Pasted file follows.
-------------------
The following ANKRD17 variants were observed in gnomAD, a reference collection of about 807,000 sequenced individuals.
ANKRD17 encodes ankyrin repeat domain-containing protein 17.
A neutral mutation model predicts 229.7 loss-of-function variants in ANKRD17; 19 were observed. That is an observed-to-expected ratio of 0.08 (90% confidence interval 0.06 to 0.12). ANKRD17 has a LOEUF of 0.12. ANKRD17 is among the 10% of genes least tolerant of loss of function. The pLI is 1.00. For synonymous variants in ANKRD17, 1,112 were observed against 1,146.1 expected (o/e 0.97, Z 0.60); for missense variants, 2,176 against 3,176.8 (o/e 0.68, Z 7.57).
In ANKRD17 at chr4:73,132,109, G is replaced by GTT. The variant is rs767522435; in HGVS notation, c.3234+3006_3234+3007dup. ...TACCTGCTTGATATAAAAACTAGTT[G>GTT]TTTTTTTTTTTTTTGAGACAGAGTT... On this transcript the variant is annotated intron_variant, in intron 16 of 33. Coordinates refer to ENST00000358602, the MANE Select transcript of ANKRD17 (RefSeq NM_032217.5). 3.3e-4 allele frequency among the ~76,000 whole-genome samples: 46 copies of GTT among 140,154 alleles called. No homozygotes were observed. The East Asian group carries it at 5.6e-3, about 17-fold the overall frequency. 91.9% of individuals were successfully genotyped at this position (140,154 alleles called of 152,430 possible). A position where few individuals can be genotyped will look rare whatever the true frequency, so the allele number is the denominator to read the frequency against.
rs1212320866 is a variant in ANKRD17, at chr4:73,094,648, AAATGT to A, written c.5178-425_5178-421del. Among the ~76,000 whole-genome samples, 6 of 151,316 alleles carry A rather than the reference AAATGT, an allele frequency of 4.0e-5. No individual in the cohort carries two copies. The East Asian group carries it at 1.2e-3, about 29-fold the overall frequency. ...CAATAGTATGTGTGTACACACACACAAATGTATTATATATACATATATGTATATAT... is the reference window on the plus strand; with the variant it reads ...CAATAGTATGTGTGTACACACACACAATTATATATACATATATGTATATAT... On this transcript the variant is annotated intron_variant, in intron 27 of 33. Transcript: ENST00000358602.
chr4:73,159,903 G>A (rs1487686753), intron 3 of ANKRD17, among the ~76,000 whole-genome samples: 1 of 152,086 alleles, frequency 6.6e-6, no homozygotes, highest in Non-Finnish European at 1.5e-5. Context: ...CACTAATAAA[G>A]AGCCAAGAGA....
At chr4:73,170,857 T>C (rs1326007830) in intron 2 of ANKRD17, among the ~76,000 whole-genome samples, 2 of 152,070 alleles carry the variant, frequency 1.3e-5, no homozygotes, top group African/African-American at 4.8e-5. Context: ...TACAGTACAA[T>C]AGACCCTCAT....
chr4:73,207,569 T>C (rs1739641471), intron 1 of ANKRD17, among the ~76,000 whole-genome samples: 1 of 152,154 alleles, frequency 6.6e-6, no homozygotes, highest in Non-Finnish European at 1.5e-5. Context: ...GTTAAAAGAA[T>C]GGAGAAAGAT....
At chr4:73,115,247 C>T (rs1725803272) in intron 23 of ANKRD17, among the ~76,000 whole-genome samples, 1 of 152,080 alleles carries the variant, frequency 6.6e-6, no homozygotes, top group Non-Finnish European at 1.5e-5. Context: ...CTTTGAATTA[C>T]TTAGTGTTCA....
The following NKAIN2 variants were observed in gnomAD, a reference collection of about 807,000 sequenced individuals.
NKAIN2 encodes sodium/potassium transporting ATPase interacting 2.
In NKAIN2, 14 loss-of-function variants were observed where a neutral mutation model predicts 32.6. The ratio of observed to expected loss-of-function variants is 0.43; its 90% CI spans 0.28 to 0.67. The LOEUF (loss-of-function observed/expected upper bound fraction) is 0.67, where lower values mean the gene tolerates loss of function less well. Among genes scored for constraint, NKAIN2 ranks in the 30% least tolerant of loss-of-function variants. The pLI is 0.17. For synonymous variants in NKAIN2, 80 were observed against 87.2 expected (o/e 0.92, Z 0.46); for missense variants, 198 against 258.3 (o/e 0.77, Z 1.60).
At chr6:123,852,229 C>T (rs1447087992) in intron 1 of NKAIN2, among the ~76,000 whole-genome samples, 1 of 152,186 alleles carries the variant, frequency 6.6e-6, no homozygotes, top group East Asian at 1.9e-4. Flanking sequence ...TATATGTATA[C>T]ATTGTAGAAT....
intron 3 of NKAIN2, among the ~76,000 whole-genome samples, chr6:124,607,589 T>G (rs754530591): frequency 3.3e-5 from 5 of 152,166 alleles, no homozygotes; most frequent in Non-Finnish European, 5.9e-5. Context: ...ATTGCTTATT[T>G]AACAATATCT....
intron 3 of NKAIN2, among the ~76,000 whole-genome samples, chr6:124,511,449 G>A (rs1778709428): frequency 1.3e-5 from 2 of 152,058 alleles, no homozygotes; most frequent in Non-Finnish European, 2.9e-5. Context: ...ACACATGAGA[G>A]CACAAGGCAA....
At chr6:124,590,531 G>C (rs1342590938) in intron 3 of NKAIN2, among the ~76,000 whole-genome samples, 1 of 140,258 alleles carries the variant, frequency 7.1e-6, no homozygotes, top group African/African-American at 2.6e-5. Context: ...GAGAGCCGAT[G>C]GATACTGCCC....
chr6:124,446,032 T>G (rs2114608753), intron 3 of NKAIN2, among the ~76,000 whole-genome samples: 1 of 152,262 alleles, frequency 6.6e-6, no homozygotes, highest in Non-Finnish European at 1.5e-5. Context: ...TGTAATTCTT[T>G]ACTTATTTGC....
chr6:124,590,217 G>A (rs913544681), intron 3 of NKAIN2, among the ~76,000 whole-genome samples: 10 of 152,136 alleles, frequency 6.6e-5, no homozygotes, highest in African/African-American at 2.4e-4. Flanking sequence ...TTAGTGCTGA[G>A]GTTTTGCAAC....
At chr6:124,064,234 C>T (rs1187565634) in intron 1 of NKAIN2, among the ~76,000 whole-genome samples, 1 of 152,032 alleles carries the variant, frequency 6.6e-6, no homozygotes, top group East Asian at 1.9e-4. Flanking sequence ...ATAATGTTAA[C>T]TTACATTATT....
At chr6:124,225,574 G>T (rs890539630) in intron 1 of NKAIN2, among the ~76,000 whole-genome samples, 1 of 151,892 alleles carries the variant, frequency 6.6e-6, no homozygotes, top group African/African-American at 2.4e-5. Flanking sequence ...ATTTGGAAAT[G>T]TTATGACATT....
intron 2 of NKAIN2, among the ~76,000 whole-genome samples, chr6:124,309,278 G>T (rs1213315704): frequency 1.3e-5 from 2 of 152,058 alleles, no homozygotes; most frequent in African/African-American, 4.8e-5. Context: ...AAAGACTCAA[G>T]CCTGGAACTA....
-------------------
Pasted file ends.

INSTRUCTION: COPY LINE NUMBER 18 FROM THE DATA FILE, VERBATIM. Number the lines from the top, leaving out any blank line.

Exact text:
chr6:124,590,217 G>A (rs913544681), intron 3 of NKAIN2, among the ~76,000 whole-genome samples: 10 of 152,136 alleles, frequency 6.6e-5, no homozygotes, highest in African/African-American at 2.4e-4. Flanking sequence ...TTAGTGCTGA[G>A]GTTTTGCAAC....